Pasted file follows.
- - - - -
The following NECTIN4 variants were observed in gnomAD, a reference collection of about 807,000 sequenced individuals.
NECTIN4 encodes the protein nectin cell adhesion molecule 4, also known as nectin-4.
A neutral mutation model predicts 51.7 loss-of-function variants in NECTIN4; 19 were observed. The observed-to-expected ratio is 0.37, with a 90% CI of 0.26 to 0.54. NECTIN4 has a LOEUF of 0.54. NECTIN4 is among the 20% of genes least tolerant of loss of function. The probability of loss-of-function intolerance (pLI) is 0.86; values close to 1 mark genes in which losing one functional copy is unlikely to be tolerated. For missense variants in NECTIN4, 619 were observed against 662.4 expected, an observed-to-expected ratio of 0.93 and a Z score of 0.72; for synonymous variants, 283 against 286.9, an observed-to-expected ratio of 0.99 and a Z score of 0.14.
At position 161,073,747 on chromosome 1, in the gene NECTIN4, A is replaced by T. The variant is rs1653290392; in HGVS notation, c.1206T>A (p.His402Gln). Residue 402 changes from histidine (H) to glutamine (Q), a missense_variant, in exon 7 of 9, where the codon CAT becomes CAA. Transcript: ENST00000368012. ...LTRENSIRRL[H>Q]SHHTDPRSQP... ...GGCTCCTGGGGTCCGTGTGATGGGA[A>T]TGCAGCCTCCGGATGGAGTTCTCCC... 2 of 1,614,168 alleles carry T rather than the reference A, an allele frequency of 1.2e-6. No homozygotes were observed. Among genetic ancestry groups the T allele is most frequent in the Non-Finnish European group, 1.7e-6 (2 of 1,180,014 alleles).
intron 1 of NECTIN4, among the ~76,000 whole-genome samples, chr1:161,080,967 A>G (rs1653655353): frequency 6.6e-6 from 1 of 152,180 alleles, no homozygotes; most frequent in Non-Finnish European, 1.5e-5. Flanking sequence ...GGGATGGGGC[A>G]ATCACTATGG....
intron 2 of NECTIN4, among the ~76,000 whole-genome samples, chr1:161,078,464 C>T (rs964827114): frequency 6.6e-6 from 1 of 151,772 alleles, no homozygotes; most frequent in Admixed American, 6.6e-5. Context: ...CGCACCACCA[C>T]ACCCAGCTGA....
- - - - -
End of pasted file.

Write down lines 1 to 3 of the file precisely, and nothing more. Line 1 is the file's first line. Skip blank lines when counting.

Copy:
The following NECTIN4 variants were observed in gnomAD, a reference collection of about 807,000 sequenced individuals.
NECTIN4 encodes the protein nectin cell adhesion molecule 4, also known as nectin-4.
A neutral mutation model predicts 51.7 loss-of-function variants in NECTIN4; 19 were observed. The observed-to-expected ratio is 0.37, with a 90% CI of 0.26 to 0.54. NECTIN4 has a LOEUF of 0.54. NECTIN4 is among the 20% of genes least tolerant of loss of function. The probability of loss-of-function intolerance (pLI) is 0.86; values close to 1 mark genes in which losing one functional copy is unlikely to be tolerated. For missense variants in NECTIN4, 619 were observed against 662.4 expected, an observed-to-expected ratio of 0.93 and a Z score of 0.72; for synonymous variants, 283 against 286.9, an observed-to-expected ratio of 0.99 and a Z score of 0.14.